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stubeeef
May 27, 2005, 12:22 PM
Cool, I mean HOT, well you know what I mean! :confused:

Plazlink (http://www.abc.net.au/news/newsitems/200504/s1348172.htm)

big quote

For a tiny fraction of a second after the "big bang" birth of the universe, all matter was in the form of this liquid, called a quark-gluon plasma, the researchers said.

"We have a new state of matter," Sam Aronson said, associate laboratory director for High Energy and Nuclear Physics at the Brookhaven National Laboratory in the United States.

"We think we are looking at a phenomenon ... in the universe 13 billion years ago when free quarks and gluons ... cooled down to the particles that we know today," Mr Aronson told a news conference carried by telephone from a meeting of the American Physical Society in Tampa, Florida.

The quark-gluon plasma was made in the Relativistic Heavy Ion Collider - a powerful atom smasher at Brookhaven National Laboratory in Upton, New York.

Unexpectedly, the quark gluon plasma behaved like a perfect liquid of quarks, instead of a gas, the physicists said.

For their experiment, the researchers smashed two gold ions together at extremely high speeds, very close to the speed of light.

The collision was so intense that the strong force that usually binds quarks into protons and neutrons weakened, allowing the quarks to roam freely.

Normally quarks, the most basic particles that make up matter, are bound together and cannot be measured directly.

At temperatures 10,000 times hotter than those found inside the sun and with just a few thousand particles, the nuclear physicists expected the quarks to fly around freely like a gas.

Instead, the quarks behaved like a perfect liquid, flowing together like a school of fish, without turbulence or random motion.

In contrast, a drop of water containing the same number of particles would not behave like a liquid at all, but just fly apart.

"This is fluid motion that is nearly 'perfect,'" Mr Aronson said.

"The truly stunning finding at RHIC that the new state of matter created in the collisions of gold ions is more like a liquid than a gas gives us a profound insight into the earliest moments of the universe," Raymond Orbach said, director of the Department of Energy Office of Science, which funds the collider.

The unexpected results have a link to another field of physics, called string theory.

String theory attempts to explain properties of the universe using 10 dimensions, instead of the three space and one time dimension that humans commonly perceive.

Experts said the string theory calculation describing how gravity behaves near a black hole can also explain how quarks move in a quark gluon plasma.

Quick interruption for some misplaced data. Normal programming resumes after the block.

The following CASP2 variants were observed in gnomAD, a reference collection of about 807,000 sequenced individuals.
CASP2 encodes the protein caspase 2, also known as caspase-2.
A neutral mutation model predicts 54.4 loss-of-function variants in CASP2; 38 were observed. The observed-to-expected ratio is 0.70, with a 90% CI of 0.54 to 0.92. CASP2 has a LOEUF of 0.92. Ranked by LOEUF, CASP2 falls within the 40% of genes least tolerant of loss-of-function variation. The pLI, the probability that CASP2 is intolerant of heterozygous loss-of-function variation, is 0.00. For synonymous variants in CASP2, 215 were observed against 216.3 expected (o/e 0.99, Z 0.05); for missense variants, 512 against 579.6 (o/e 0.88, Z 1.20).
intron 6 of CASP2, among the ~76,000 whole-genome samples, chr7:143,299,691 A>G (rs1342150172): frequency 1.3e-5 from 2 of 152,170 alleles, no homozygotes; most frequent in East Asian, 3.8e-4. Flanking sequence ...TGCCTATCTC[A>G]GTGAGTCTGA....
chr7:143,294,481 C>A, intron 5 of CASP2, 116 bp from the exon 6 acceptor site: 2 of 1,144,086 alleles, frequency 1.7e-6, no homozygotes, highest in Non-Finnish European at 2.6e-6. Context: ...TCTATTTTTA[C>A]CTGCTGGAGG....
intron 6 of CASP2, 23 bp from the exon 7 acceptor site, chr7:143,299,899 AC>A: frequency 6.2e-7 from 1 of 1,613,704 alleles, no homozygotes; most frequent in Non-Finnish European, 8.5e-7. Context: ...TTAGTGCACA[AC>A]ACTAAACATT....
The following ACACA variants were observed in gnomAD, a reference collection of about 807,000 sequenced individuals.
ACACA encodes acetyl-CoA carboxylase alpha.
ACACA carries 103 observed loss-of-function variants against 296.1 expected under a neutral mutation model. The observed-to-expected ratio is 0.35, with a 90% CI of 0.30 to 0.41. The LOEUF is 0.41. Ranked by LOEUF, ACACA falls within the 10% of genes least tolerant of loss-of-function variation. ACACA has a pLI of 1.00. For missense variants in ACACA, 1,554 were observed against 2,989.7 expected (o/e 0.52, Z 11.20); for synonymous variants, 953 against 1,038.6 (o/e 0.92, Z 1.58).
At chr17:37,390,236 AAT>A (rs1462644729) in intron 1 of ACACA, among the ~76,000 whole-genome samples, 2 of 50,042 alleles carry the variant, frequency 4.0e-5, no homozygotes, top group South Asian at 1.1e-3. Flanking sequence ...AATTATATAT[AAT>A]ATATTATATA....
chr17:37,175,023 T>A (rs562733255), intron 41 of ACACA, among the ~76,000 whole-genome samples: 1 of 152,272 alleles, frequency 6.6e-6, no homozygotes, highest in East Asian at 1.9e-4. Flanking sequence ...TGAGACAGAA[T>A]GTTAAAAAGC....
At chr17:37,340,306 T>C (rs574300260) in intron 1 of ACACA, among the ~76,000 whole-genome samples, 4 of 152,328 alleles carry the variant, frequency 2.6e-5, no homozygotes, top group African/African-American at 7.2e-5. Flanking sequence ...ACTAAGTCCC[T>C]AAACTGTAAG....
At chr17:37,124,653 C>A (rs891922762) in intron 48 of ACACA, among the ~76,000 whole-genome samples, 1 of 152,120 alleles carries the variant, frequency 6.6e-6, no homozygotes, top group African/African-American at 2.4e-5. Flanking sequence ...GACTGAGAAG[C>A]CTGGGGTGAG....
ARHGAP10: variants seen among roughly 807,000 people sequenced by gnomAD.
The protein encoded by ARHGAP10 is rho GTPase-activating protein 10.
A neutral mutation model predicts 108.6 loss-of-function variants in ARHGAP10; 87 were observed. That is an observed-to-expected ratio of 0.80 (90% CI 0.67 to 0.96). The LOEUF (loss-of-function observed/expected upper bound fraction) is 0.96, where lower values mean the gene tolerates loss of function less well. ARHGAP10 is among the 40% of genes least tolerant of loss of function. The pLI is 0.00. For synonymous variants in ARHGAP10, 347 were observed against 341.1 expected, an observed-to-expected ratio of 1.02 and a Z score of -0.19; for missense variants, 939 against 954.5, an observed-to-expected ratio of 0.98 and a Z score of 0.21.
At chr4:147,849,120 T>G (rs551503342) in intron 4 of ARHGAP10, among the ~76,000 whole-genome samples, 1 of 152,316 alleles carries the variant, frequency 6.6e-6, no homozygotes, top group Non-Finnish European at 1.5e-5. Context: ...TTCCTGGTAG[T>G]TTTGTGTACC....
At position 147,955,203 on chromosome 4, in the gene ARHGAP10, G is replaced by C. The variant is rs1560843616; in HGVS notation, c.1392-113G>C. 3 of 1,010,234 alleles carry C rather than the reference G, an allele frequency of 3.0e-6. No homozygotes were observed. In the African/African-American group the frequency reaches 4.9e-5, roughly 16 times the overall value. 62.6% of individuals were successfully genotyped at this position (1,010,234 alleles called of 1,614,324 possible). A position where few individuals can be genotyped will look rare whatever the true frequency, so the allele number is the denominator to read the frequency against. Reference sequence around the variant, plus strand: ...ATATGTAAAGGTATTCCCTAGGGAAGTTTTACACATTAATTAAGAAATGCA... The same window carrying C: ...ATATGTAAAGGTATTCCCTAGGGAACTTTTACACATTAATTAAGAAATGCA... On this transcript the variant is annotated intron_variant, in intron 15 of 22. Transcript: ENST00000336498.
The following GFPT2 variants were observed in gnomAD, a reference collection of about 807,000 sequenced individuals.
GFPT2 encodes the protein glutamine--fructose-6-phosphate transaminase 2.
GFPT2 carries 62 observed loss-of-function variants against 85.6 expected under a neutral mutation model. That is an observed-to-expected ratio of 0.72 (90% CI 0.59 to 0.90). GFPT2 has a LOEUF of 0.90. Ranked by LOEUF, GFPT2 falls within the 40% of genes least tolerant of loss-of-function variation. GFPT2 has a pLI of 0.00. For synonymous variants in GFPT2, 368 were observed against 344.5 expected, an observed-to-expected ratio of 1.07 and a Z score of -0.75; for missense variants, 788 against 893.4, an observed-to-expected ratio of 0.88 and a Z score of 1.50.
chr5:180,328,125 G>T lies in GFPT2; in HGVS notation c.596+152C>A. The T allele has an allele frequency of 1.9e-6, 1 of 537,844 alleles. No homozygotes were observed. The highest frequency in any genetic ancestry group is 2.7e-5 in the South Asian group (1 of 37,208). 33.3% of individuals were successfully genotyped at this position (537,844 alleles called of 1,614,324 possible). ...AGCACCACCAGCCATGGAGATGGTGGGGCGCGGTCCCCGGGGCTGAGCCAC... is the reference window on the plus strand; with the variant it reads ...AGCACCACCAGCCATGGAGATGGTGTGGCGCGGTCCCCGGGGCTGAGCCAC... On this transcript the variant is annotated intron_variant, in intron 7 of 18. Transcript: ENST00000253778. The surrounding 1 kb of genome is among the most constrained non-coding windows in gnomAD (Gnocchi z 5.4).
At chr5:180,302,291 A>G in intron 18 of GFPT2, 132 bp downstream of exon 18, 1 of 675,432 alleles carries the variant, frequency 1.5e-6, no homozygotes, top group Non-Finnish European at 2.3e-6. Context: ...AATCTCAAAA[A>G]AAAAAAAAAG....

"It's very powerful, very intriguing," Miklos Gyulassy said, a theoretical nuclear physicist at Columbia University in New York.

The findings, detailed in four separate studies, will be published in the journal Nuclear Physics A.

jayscheuerle
May 27, 2005, 12:53 PM
Quark-gluon plasma. It's what's for dinner.

stubeeef
May 27, 2005, 12:54 PM
MONGO-MONGO-MONGo.... (must be chanted like saying Beetlejuice 3 times to summon him).

MongoTheGeek
May 27, 2005, 01:37 PM
MONGO-MONGO-MONGo.... (must be chanted like saying Beetlejuice 3 times to summon him).

More like "Hastur Hastur Hastur"

:)

Not sure what to say. I thought this was discussed before (around the time the article was publish in new scientist) but a quick search of the forums didn't turn it up.

Essentially what they did was create a little black hole. Black holes are where there is so much force/mass/energy in one place that it overrides the universe's rule about two things being in the same place. Everything that gets clumped together stays clumped together because of gravity so of course it sticks like a fluid.

Theory goes black holes evaporate at a rate inversely proportional to their size. The smaller the hole the faster it goes. One that small I'm sure they had problems keeping it "fed"

stubeeef
May 27, 2005, 01:58 PM
More like "Hastur Hastur Hastur"

:)

Not sure what to say. I thought this was discussed before (around the time the article was publish in new scientist) but a quick search of the forums didn't turn it up.

Essentially what they did was create a little black hole. Black holes are where there is so much force/mass/energy in one place that it overrides the universe's rule about two things being in the same place. Everything that gets clumped together stays clumped together because of gravity so of course it sticks like a fluid.

Theory goes black holes evaporate at a rate inversely proportional to their size. The smaller the hole the faster it goes. One that small I'm sure they had problems keeping it "fed"

Ya, that's what I was going to say.
;) :rolleyes: :D

andiwm2003
May 27, 2005, 02:21 PM
Theory goes black holes evaporate at a rate inversely proportional to their size. The smaller the hole the faster it goes. One that small I'm sure they had problems keeping it "fed"

man, i'm so glad that this theory is correct........... :rolleyes: